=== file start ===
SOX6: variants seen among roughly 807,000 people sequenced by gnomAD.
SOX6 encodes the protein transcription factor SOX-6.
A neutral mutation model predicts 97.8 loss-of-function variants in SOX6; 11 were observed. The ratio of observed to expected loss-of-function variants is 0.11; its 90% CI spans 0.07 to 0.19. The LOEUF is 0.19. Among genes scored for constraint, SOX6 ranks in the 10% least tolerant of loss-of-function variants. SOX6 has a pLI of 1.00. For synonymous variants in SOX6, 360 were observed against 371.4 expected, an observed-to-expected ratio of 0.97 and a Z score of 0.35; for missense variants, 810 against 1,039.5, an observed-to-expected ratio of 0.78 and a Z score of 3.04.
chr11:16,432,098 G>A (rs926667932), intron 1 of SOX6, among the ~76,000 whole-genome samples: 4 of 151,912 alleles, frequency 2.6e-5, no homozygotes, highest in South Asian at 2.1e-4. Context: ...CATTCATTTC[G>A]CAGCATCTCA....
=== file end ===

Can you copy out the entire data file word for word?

SOX6: variants seen among roughly 807,000 people sequenced by gnomAD.
SOX6 encodes the protein transcription factor SOX-6.
A neutral mutation model predicts 97.8 loss-of-function variants in SOX6; 11 were observed. The ratio of observed to expected loss-of-function variants is 0.11; its 90% CI spans 0.07 to 0.19. The LOEUF is 0.19. Among genes scored for constraint, SOX6 ranks in the 10% least tolerant of loss-of-function variants. SOX6 has a pLI of 1.00. For synonymous variants in SOX6, 360 were observed against 371.4 expected, an observed-to-expected ratio of 0.97 and a Z score of 0.35; for missense variants, 810 against 1,039.5, an observed-to-expected ratio of 0.78 and a Z score of 3.04.
chr11:16,432,098 G>A (rs926667932), intron 1 of SOX6, among the ~76,000 whole-genome samples: 4 of 151,912 alleles, frequency 2.6e-5, no homozygotes, highest in South Asian at 2.1e-4. Context: ...CATTCATTTC[G>A]CAGCATCTCA....